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Office of the Press Secretary

For Immediate Release December 29, 1998

Reducing Violence in the Lives of Children

December 29, 1998

Today, President Clinton will launch a new Children Exposed to Violence Initiative (CEVI) designed to prevent violence against children and improve the way the justice system deals with children who are victims of or witnesses to violence. CEVI will include four components: (1) reforming state and federal laws to provide swift and certain punishment for those who commit child abuse and neglect; (2) improving the way the justice system treats children who are the victims of, or witnesses to, acts of violence; (3) strengthening local prevention and intervention programs directed towards children exposed to violence; and (4) increasing public awareness of this serious problem through a National Summit next May. To get this new effort underway, the President will announce the availability of $10 million in "Safe Start" grants from the Justice Department to help up to 12 cities reduce the impact of violence on young children.

The Need for Action

Too many child victims. The Department of Health and Human Services found that in 1996, three million children were maltreated or abused. Recent Department of Justice statistics show that last year, 2.8 million adolescents (12 to 17 year-olds) were victims of violent crime and another 9 million witnessed serious violence -- with nearly 2 million of these teenagers suffering from some kind of post-traumatic stress disorder.

Child victims more at risk to become offenders. Children who are abused or neglected are far more likely than other children to become criminals themselves. These children are more than 50 percent more likely to be arrested while a juvenile, and nearly 40 percent more likely to be arrested for a violent crime when they become adults. They are also 33 percent more likely to become substance abusers.

What CEVI Will Do

Reform Laws Dealing with Child Victims and Witnesses. The Justice Department, in consultation with the states, will propose federal legislation that would (1) amend federal homicide statutes by making child abuse offenses predicates for felony murder and defining murder to include the death of a child resulting from a pattern of child abuse, and (2) provide a sentencing enhancement whenever a violent crime prohibited by federal law is committed in the presence of a child. The Department also will work with states to develop similar model legislation and to put in place additional reforms that will allow children to testify through closed circuit television, limit the number of interviews to which a child can be subjected, and allow children to use testimonial aids and have an adult present when testifying in court.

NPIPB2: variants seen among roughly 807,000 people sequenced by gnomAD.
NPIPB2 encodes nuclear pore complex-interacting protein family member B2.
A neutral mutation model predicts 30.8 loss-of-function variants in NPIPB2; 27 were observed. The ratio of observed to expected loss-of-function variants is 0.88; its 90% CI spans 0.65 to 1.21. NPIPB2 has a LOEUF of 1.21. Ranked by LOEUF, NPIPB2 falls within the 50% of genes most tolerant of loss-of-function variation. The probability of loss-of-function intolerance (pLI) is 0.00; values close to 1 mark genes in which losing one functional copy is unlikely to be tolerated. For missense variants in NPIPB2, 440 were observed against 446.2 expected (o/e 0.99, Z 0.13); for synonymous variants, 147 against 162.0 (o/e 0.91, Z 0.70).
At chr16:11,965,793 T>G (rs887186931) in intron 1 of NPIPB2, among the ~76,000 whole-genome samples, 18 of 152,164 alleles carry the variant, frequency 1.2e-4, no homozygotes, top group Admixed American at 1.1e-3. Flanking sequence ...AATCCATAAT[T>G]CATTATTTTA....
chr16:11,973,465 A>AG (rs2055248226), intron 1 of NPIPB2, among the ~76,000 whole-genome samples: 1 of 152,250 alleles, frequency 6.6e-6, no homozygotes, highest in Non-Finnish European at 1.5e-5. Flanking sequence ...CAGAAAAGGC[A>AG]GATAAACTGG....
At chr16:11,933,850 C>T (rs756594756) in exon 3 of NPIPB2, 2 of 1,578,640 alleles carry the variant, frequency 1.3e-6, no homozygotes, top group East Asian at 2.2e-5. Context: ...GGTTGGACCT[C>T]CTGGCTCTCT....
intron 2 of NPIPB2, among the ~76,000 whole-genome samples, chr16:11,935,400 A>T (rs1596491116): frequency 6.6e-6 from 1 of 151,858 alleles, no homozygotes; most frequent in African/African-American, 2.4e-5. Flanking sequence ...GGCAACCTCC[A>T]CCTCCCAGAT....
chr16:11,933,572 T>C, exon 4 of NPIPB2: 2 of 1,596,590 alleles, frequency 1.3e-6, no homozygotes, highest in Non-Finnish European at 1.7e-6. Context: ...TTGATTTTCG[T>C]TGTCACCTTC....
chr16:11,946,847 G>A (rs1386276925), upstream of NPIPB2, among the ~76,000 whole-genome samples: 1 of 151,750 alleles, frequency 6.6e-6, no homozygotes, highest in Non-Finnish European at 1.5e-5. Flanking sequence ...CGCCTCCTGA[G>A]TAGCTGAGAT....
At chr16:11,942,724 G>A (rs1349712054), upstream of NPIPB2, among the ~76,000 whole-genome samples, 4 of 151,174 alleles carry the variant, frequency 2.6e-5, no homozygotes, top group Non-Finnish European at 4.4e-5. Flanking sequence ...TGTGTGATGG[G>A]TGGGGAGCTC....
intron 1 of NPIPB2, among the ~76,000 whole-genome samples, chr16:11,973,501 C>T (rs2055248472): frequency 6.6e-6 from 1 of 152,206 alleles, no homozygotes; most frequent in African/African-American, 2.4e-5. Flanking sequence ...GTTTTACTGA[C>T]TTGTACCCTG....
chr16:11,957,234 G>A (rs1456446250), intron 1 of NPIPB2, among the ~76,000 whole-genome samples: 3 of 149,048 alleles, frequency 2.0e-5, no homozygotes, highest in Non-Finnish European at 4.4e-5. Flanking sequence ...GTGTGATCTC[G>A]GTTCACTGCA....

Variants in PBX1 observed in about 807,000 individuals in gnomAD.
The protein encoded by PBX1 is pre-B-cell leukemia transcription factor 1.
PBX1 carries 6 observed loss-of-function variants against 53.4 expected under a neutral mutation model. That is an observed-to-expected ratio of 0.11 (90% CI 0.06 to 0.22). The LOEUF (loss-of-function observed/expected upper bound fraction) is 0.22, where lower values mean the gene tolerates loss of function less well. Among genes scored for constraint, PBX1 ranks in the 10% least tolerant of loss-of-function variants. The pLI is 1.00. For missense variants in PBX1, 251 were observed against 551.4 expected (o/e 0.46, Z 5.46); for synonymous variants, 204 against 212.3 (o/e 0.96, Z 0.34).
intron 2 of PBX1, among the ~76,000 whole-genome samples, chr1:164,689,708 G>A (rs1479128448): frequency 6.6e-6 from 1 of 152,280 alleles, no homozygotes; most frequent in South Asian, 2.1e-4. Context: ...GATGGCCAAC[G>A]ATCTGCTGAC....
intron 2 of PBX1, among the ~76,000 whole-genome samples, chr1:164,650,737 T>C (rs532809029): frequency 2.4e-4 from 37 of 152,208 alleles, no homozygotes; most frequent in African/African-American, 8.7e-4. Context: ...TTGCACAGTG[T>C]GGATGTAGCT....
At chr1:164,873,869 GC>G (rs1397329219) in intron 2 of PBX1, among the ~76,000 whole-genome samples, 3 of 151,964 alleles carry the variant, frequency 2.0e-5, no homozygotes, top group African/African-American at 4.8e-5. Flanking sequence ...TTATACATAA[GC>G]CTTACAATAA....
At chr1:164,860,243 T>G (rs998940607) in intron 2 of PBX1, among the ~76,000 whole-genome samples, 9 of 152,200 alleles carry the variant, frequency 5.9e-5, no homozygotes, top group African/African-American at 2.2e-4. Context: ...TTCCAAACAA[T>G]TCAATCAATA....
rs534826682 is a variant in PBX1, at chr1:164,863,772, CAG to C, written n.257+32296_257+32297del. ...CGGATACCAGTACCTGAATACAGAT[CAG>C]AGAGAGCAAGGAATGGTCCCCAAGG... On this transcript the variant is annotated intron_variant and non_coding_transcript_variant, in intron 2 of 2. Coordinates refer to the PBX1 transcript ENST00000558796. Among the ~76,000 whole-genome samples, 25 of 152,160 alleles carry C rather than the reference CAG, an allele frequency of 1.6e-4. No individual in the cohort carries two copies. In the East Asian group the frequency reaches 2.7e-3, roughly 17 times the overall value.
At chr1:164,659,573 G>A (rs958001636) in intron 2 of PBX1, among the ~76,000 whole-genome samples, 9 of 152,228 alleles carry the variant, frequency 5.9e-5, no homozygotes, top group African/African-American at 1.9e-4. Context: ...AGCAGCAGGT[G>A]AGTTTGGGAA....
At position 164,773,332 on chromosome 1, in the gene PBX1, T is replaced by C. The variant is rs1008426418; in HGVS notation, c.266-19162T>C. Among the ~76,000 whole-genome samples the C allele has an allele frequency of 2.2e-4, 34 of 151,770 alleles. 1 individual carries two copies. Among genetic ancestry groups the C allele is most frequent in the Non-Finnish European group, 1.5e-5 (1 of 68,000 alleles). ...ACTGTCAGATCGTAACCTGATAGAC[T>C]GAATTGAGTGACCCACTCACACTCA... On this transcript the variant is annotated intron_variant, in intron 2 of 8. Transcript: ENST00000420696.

Improve Justice System Response. CEVI will improve the way participants in the justice system treat child victims and witnesses by providing the information and training necessary to prevent "secondary victimization." The Justice Department will use approximately $12 million in current funding to produce and distribute specialized training videos, best practice manuals, and other in-the-field user guides -- such as the guide on Forming a Multidisciplinary Team to Investigate Child Abuse released by the Justice Department today -- to law enforcement agents, prosecutors, victim and witness coordinators, and court personnel. Under this new initiative, the Justice Department also will work with state and local law enforcement to use Child Death Review Teams to investigate suspicious child fatalities; expand child victims' assistance programs; help create "Court Schools," which serve to acclimate children to the courtroom setting; and develop other similar programs.

Strengthen Prevention and Intervention. CEVI will assist states and localities to develop prevention and intervention initiatives focusing on children exposed to violence. These initiatives, often involving partnerships between law enforcement officers and other community members, will provide services and support to children and promote parent education. One example is the New Haven Child Development/Community Policing (CD-CP) program, a partnership between the New Haven Police Department and the Yale University Child Study Center that coordinates the work of law enforcement and mental health professionals in responding to children in violent situations. Today, the President will announce the availability of $10 million in "Safe Start" grants to help up to 12 more cities promote and build on proven initiatives like the New Haven CD-CP.

Increase Public Awareness. The Department of Justice will sponsor a National Summit on Children Exposed to Violence in May, with the Department of Health and Human Services, law enforcement organizations, child advocacy and media organizations, governors, county officials, mayors, legislators and prosecutors. The goal of the Summit will be to bring together experts in law enforcement, mental health, child development, domestic violence prevention, and related fields to increase public awareness of this issue and discuss additional ameliorative efforts.